Urine analysis highlights suboptimal type 2 diabetes medication use
medwireNews: Objective analysis of urine samples shows that some patients with type 2 diabetes do not take their antihypertensive, antihyperlipidemic, and oral hypoglycemic medications as prescribed.
“This could be used to inform clinical decisions about treatment alteration and to improve patient outcomes,” write Pankaj Gupta (University Hospitals of Leicester NHS Trust, UK) and team in Diabetes Care.
The researchers tested the urine samples using liquid chromatography–tandem mass spectrometry. They note that reliable diagnosis of medication nonadherence “remains a major unmet clinical need.”
The team found that 5.7% of 228 patients had no trace of any of their prescribed medications in their urine sample, given for microalbuminuria screening at an annual check-up in primary care. And a further 22.4% of patients had at least one prescribed medication absent from their urine sample.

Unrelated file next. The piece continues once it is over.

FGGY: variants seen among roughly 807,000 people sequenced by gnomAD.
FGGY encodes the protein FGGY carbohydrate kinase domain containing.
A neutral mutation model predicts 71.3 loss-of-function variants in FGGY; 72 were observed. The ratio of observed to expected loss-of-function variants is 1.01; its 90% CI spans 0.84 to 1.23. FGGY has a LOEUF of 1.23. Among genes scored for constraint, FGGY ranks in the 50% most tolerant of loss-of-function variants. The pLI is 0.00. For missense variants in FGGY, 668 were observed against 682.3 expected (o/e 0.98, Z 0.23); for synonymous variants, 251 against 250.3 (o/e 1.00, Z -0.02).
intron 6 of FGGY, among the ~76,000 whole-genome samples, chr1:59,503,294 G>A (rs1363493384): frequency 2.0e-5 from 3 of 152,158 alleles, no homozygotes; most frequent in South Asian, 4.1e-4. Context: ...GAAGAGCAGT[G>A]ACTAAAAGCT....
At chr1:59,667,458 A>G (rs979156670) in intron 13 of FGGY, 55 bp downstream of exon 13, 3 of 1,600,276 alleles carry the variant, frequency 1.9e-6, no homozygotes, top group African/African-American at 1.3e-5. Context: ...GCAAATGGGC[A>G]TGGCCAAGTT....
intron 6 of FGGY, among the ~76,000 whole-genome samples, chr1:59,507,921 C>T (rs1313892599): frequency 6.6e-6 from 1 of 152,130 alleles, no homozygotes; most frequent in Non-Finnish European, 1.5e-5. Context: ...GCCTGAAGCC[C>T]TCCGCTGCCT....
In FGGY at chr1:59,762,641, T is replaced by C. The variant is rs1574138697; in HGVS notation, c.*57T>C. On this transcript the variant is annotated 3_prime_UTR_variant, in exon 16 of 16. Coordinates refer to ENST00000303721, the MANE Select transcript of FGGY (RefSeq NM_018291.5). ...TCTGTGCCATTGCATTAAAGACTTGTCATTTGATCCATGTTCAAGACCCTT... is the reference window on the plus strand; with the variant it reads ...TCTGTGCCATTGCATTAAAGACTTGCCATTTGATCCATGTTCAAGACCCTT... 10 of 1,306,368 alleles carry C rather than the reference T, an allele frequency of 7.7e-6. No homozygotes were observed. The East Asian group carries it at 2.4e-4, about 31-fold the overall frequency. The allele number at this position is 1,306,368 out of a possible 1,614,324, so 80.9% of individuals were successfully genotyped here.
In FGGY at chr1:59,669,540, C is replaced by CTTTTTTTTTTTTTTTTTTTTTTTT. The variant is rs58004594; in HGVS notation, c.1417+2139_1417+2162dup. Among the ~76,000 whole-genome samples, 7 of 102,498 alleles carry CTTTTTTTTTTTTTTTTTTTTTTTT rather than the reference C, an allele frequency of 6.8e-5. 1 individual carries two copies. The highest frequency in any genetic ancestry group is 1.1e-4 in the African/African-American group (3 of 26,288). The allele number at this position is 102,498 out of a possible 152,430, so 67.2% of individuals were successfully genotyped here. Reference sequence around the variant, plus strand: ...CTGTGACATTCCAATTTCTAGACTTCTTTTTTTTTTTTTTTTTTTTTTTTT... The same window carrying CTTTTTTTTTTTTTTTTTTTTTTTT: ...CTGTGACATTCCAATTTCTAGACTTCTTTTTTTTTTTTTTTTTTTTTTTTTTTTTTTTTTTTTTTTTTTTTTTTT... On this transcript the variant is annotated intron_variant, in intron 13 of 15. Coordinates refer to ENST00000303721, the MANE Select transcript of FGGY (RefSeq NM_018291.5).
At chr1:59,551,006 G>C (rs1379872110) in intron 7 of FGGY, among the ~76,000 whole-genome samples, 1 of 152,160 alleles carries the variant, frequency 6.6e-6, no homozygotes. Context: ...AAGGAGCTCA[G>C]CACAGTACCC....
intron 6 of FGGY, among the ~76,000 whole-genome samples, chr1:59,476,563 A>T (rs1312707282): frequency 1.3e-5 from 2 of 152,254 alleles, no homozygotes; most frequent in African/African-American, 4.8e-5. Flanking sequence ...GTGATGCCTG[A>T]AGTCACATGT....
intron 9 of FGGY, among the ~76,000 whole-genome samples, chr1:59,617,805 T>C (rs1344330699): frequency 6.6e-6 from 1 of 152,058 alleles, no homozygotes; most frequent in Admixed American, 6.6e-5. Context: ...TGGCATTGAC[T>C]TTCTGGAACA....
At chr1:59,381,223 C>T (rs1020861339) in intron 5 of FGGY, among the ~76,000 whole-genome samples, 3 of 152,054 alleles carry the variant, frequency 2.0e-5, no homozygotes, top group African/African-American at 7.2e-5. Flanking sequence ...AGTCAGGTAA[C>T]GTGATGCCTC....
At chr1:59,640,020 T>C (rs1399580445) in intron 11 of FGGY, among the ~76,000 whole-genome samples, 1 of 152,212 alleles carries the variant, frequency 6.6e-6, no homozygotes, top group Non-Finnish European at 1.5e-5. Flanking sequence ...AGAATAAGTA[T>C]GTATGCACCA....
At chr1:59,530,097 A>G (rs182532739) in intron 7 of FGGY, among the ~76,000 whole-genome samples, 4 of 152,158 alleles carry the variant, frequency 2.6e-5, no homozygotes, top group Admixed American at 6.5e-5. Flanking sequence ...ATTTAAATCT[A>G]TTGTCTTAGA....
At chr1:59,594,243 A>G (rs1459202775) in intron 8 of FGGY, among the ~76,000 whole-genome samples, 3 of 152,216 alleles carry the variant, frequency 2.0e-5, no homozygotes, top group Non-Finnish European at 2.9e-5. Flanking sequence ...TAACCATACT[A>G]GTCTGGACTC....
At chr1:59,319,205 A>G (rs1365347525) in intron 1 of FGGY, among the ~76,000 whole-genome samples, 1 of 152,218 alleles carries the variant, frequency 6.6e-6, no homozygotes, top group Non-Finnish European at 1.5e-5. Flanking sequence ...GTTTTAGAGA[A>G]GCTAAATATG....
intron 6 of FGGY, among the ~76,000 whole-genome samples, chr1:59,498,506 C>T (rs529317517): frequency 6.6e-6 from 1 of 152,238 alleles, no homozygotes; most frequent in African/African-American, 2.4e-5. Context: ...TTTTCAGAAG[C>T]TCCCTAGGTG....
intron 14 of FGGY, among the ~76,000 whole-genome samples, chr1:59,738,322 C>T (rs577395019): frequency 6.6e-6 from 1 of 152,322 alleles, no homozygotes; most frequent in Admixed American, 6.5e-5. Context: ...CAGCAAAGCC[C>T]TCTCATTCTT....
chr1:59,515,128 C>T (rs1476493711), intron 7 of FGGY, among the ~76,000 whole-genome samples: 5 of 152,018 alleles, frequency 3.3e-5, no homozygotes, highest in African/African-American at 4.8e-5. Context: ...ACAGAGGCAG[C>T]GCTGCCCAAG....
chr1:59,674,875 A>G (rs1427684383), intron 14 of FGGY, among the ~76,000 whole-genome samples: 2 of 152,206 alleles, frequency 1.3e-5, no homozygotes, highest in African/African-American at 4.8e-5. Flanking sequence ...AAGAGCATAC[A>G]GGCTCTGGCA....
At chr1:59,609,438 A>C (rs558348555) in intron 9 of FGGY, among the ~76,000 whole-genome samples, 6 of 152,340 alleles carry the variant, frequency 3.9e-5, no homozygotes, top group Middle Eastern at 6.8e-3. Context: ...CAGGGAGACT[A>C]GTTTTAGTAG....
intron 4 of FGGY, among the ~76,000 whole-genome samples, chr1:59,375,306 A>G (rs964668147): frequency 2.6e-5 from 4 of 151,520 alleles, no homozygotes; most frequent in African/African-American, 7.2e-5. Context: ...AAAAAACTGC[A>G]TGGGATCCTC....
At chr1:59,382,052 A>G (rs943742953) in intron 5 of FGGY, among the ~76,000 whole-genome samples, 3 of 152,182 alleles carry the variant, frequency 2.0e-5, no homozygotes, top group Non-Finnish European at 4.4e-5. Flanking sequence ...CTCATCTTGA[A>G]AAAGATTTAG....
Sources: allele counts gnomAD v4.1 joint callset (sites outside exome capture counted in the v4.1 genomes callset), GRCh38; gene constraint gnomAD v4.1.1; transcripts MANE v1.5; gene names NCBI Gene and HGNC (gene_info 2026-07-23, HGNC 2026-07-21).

Statins were most commonly not taken as prescribed, at 23.7%, whereas prescribed oral diabetes medications were absent from 9.3% of samples. The researchers note that the true rate of medication nonadherence could be higher, due to people being more diligent in the run-up to a medical appointment.
Suboptimal medication use was associated with significantly higher glycated hemoglobin and albumin-to-creatinine ratios compared with taking medications as prescribed, and with worse lipid profiles, implying that these short-term findings may reflect longer-term medication-taking behavior.
“Anecdotally, the test is well accepted by patients and helps to initiate a discussion about the reasons for nonadherence and ways to overcome them,” says the team.
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